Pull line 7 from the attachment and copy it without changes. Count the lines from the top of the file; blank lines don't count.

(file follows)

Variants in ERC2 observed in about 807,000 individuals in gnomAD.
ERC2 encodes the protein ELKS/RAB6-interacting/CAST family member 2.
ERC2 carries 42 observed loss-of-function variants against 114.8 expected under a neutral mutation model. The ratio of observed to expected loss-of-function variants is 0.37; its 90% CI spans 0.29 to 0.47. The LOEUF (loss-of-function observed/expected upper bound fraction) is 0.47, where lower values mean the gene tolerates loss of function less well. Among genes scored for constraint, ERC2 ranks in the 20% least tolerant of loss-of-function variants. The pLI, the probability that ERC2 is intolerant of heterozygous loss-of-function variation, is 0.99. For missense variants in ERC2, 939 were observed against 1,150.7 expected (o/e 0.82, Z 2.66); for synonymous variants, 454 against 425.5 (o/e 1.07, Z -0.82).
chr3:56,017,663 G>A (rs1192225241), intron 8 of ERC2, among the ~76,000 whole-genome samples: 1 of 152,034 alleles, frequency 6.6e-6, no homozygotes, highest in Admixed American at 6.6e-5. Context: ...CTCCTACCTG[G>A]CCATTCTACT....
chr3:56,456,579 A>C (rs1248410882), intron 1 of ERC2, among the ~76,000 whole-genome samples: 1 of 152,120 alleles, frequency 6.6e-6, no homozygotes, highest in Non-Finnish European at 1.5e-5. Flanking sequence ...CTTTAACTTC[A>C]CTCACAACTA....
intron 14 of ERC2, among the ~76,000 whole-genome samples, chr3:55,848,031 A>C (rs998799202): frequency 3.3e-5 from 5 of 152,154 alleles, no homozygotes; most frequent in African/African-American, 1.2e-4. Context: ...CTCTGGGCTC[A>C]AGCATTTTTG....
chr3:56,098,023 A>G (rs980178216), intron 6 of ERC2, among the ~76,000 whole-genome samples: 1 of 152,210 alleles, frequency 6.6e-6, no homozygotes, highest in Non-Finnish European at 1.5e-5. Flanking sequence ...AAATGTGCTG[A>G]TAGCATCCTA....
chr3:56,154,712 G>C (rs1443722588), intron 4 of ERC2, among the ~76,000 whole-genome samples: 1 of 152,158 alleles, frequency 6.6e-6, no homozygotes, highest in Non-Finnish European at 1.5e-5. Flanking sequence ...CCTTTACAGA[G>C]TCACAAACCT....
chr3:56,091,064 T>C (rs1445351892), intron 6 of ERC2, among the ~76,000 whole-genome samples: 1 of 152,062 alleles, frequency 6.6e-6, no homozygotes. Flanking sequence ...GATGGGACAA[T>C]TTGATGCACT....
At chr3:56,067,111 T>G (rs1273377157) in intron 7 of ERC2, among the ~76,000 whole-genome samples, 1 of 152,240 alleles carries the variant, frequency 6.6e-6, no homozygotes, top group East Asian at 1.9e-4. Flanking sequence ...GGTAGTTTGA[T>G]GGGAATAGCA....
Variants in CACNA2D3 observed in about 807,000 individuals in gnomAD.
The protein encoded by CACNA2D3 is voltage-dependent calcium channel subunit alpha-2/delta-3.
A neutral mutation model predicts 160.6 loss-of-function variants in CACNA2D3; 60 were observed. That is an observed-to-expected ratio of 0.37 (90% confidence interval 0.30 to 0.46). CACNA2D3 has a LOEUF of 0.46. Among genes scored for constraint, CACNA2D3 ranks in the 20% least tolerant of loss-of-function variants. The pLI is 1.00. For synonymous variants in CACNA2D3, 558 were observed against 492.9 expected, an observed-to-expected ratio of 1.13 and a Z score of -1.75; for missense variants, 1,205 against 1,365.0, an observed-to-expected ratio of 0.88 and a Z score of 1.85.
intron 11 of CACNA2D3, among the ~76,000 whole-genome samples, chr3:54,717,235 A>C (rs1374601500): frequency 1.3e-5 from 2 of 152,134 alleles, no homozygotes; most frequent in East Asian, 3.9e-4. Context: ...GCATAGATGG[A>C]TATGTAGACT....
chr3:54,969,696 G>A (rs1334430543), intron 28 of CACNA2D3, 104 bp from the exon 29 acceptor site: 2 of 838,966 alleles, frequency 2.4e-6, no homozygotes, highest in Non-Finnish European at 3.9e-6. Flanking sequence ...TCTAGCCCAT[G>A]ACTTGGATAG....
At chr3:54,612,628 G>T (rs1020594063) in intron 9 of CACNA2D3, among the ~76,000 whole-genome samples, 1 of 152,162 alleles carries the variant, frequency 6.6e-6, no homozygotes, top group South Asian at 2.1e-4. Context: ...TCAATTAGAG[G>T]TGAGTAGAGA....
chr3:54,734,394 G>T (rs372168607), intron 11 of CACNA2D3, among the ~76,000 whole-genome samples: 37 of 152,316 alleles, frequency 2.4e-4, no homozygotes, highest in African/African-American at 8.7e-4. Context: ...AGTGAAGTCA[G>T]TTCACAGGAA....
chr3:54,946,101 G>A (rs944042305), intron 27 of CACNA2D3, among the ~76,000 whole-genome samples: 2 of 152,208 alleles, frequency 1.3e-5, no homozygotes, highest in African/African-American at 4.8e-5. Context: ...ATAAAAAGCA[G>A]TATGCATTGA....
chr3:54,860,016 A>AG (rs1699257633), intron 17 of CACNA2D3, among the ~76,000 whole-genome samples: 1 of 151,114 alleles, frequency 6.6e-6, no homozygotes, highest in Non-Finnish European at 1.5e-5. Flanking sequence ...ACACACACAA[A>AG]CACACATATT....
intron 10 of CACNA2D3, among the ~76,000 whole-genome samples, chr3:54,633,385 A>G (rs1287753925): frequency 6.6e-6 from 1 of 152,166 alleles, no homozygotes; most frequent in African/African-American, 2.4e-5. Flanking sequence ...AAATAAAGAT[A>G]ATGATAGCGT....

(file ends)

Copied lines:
chr3:56,098,023 A>G (rs980178216), intron 6 of ERC2, among the ~76,000 whole-genome samples: 1 of 152,210 alleles, frequency 6.6e-6, no homozygotes, highest in Non-Finnish European at 1.5e-5. Flanking sequence ...AAATGTGCTG[A>G]TAGCATCCTA....